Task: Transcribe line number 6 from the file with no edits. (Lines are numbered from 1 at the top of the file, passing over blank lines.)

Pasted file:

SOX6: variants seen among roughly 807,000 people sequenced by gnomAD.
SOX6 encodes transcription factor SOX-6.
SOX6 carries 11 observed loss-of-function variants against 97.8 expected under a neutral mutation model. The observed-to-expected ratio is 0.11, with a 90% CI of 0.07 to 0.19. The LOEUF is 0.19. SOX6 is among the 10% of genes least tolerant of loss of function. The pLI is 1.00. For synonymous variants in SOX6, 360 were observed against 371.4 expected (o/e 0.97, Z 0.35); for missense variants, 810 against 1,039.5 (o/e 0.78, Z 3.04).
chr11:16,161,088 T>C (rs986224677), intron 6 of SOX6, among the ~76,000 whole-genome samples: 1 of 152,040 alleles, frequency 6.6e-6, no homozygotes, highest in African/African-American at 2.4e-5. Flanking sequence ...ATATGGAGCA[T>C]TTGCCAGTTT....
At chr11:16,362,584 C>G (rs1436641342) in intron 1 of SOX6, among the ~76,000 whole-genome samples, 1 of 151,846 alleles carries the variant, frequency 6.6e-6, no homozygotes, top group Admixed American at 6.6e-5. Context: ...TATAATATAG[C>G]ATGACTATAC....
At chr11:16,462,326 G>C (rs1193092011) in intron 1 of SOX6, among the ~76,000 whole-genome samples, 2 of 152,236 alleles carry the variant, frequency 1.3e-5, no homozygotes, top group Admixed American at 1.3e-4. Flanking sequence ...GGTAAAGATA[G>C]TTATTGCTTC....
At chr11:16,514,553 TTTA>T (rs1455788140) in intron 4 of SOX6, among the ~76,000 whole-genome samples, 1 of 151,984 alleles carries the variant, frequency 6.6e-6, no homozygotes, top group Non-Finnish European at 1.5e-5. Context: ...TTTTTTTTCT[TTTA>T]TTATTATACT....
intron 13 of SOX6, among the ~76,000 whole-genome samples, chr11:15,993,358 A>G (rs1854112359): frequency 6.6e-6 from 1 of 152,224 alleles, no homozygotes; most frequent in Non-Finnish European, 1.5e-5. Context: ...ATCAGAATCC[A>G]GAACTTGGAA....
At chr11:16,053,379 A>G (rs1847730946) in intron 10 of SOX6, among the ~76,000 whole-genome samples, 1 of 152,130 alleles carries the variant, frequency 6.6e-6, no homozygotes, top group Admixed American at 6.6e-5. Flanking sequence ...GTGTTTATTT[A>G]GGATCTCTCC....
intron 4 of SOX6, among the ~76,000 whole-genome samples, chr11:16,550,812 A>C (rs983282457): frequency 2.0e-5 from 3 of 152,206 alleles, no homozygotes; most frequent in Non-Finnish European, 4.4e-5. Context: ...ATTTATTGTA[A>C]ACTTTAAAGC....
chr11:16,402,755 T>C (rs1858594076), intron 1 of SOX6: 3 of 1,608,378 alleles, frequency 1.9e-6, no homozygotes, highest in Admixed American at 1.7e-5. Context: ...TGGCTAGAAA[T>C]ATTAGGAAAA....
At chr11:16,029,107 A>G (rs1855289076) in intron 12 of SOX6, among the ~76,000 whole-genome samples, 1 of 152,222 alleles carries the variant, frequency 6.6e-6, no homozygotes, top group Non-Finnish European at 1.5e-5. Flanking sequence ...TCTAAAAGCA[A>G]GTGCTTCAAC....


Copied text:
At chr11:16,462,326 G>C (rs1193092011) in intron 1 of SOX6, among the ~76,000 whole-genome samples, 2 of 152,236 alleles carry the variant, frequency 1.3e-5, no homozygotes, top group Admixed American at 1.3e-4. Flanking sequence ...GGTAAAGATA[G>C]TTATTGCTTC....